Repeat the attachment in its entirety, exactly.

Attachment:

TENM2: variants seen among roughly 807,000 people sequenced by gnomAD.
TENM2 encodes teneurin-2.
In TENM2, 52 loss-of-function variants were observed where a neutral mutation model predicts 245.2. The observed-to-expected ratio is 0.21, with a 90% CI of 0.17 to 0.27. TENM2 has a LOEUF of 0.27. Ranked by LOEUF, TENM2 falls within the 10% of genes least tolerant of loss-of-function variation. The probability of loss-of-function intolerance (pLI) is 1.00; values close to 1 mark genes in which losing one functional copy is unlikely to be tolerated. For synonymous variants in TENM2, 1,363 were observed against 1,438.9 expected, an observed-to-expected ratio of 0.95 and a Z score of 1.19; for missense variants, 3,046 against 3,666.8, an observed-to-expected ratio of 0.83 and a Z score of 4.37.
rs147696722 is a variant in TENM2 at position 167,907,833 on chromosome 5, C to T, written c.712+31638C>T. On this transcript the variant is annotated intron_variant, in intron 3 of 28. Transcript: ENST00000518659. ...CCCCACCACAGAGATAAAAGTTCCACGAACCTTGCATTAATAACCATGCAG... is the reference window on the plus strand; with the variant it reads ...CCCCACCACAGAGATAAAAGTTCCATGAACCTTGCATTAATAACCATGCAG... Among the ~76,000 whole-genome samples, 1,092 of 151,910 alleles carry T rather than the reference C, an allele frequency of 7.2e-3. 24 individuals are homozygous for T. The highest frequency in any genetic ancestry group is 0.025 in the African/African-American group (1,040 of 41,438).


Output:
TENM2: variants seen among roughly 807,000 people sequenced by gnomAD.
TENM2 encodes teneurin-2.
In TENM2, 52 loss-of-function variants were observed where a neutral mutation model predicts 245.2. The observed-to-expected ratio is 0.21, with a 90% CI of 0.17 to 0.27. TENM2 has a LOEUF of 0.27. Ranked by LOEUF, TENM2 falls within the 10% of genes least tolerant of loss-of-function variation. The probability of loss-of-function intolerance (pLI) is 1.00; values close to 1 mark genes in which losing one functional copy is unlikely to be tolerated. For synonymous variants in TENM2, 1,363 were observed against 1,438.9 expected, an observed-to-expected ratio of 0.95 and a Z score of 1.19; for missense variants, 3,046 against 3,666.8, an observed-to-expected ratio of 0.83 and a Z score of 4.37.
rs147696722 is a variant in TENM2 at position 167,907,833 on chromosome 5, C to T, written c.712+31638C>T. On this transcript the variant is annotated intron_variant, in intron 3 of 28. Transcript: ENST00000518659. ...CCCCACCACAGAGATAAAAGTTCCACGAACCTTGCATTAATAACCATGCAG... is the reference window on the plus strand; with the variant it reads ...CCCCACCACAGAGATAAAAGTTCCATGAACCTTGCATTAATAACCATGCAG... Among the ~76,000 whole-genome samples, 1,092 of 151,910 alleles carry T rather than the reference C, an allele frequency of 7.2e-3. 24 individuals are homozygous for T. The highest frequency in any genetic ancestry group is 0.025 in the African/African-American group (1,040 of 41,438).